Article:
Concerns have been raised by CUSU about the ethical record of some companies that receive investment funding from the University of Cambridge.

Late in March, CUSU’s Socially Responsible Investment (SRI) campaign succeeded in releasing information from the University about the recipients of its investment funding.

For a long time, the University had refused to disclose this information to CUSU, claiming that its commercial interests would be prejudiced by doing so. The legality of this claim was challenged by CUSU earlier this year.

The data revealed that University funds are being used to support companies whose stances on ethical issues have been subject to doubt. Amongst others, the list of companies receiving investment from share indices supported by the University includes Rio Tinto Group, which has been criticized by a British charity for alleged human rights violations, Royal Dutch Shell, which Amnesty International UK accuses of committing human rights abuses in Nigeria, and BAE Systems, which has sold arms to the governments of Zimbabwe and Saudi Arabia.

Bryony Hopkinshaw, the CUSU SRI Officer, claims that students are uncomfortable with their tuition fees being invested in companies whose commitment to human rights and the environment has been called into question. "My experience is that many students are very concerned about the University’s investments," she said. "They are interested in the destination of their tuition fees, and are shocked that the University is allowed to invest in companies that commit human rights abuses."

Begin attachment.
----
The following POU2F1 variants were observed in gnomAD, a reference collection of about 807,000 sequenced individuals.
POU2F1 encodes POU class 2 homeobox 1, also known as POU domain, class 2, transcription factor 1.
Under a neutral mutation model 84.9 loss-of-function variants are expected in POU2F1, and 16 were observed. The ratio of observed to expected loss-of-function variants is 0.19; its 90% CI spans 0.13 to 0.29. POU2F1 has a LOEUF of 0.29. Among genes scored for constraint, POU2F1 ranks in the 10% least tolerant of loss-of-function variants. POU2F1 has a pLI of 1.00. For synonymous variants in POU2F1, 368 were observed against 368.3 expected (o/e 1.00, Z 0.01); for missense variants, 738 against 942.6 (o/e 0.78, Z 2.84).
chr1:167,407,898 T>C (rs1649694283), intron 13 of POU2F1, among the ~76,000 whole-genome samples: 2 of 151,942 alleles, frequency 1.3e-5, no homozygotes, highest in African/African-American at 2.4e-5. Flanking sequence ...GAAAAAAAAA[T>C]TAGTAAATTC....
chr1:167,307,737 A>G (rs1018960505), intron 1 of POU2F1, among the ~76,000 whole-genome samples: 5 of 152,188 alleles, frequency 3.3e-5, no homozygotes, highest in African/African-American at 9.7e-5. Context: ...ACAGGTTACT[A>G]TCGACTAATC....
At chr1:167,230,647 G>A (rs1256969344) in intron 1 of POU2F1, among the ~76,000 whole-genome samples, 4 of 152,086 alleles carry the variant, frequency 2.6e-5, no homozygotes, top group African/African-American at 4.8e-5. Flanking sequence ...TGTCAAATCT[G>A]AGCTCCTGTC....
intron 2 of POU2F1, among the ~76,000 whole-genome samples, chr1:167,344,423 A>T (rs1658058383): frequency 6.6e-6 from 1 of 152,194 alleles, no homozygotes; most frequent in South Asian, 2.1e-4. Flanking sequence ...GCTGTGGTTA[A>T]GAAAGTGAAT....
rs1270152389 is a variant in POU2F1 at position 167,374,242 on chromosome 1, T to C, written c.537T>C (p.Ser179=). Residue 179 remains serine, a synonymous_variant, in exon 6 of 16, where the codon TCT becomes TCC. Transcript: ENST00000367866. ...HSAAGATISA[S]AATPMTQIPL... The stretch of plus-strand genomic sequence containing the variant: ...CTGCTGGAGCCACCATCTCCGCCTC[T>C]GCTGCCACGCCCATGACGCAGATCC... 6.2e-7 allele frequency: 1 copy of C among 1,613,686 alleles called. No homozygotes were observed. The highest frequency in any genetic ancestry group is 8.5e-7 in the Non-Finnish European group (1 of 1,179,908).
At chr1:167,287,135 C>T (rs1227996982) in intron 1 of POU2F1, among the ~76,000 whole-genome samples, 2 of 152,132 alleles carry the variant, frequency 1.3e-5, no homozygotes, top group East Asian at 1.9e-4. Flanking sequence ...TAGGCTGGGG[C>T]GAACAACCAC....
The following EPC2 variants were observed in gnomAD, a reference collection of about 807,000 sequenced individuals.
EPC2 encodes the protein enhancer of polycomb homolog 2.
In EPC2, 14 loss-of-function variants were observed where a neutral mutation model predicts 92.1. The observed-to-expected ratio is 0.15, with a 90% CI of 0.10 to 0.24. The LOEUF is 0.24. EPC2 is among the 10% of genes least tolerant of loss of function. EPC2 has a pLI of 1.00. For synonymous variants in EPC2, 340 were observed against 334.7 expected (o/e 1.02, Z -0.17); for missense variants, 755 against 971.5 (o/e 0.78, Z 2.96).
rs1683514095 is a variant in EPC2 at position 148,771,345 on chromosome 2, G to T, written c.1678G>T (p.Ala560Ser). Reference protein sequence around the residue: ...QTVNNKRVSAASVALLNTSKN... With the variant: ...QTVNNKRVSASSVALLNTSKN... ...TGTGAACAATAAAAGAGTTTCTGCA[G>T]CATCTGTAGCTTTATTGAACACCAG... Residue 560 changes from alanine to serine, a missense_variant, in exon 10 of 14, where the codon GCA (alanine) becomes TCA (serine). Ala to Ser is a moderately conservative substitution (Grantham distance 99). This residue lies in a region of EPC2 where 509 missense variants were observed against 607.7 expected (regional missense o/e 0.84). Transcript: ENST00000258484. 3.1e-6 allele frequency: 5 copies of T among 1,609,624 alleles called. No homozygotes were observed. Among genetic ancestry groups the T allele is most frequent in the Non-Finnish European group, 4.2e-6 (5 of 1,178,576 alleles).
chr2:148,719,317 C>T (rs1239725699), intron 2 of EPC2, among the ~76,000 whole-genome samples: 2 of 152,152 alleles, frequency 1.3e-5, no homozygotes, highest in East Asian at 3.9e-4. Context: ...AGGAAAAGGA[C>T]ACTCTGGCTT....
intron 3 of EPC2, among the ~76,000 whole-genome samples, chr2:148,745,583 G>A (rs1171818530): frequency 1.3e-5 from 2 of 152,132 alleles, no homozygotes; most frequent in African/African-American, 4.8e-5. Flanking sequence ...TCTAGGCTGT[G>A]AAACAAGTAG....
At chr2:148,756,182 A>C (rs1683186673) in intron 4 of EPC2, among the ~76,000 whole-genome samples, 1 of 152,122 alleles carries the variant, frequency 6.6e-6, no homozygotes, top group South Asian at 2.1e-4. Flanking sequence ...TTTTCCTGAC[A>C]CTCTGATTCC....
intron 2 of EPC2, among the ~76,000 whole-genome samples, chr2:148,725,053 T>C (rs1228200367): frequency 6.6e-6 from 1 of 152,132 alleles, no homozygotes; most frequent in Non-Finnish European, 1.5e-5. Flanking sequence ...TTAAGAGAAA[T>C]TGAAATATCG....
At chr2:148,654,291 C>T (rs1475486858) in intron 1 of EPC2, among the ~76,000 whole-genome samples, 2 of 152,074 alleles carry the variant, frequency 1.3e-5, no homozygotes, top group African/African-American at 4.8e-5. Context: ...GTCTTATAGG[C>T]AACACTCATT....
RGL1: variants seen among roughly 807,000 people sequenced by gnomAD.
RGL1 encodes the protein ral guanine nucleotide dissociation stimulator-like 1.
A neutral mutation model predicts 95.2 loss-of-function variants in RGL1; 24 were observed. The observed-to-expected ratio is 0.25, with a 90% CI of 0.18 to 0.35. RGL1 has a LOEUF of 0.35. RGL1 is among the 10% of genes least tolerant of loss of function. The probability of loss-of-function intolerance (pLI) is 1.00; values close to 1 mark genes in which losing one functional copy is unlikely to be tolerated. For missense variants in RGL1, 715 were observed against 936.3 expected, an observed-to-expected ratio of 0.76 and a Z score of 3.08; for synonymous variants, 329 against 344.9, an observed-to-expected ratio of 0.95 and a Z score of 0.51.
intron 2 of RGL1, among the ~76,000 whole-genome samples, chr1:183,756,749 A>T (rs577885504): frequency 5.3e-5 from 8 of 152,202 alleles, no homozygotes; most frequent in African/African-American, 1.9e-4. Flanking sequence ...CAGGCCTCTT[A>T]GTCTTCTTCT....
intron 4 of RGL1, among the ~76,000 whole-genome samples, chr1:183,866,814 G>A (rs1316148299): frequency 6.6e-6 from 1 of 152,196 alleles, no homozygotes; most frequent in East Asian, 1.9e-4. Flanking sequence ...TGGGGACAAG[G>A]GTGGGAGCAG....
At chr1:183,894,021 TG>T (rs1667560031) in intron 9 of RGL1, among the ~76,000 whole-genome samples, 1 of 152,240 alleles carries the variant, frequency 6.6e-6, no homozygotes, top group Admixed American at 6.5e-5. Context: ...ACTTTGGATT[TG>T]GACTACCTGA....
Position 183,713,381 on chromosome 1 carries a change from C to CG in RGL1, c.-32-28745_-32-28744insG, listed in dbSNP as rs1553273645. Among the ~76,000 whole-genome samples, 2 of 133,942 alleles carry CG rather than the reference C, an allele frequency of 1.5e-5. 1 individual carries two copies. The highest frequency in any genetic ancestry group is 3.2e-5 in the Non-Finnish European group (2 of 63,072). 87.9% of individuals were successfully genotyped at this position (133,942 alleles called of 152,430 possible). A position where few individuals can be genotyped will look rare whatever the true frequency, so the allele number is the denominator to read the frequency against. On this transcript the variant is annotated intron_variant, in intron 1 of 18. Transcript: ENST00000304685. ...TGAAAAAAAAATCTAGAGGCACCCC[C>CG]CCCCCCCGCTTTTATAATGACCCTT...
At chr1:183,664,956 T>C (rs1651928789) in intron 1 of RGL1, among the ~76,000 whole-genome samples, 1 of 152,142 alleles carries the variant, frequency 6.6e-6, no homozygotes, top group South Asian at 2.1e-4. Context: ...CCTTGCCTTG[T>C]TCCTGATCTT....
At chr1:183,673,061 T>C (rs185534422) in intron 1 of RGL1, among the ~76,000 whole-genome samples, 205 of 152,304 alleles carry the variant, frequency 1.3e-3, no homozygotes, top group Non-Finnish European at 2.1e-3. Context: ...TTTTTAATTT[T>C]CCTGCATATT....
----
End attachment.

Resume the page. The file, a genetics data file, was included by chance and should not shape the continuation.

More than 100 demonstrators attended protests against unethical investment in March of last year, and an independent survey of students showed that more than 50% were in favour of divestment from arms companies. Campaigners have already been successful in persuading some Colleges to divest from companies that are linked to ethically questionable practices.

Both Murray Edwards and St Catharine’s Colleges no longer support companies that help to support the Sudanese government without benefiting the Sudanese population, and whose business practices may be contributing to the humanitarian crisis in Darfur. Pembroke College sold its shares in arms companies some years ago.

The University, however, has defended its investment policy, stating that, since investments are chiefly made through index funds, its input into the selection of specific securities is minimal.

A spokesman said: "The University holds much of its exposure to equity markets through index funds, index futures or exchange traded funds with the same purpose – funds invested to track the performance of the stock market indices by holding passively the securities in the index, in the same proportions as the index. Such index funds or futures are held to gain broad equity investment at minimal cost.

"Individual securities are not selected by the University or the index fund manager, but are determined by the constituents of the particular stock market index. Inevitably, the University has indirect exposure to those companies making up those stock market indices."

The University’s official policy on ethical investing, which was introduced in July of last year, states that the prime objective of investments is to maximise returns in order to maintain the University’s financial stability. It also notes, however, that ethical considerations may, in some cases, outweigh this.

CUSU’s proposed solution to the issue is to invest solely in funds with ethical investment policies, such as the Jupiter Ecology Fund, which invests in ethical businesses and has recently enjoyed higher growth than standard indices without a specific ethics policy.

"Running [a university] is by no means incompatible with investing ethically," said CUSU’s SRI Officer.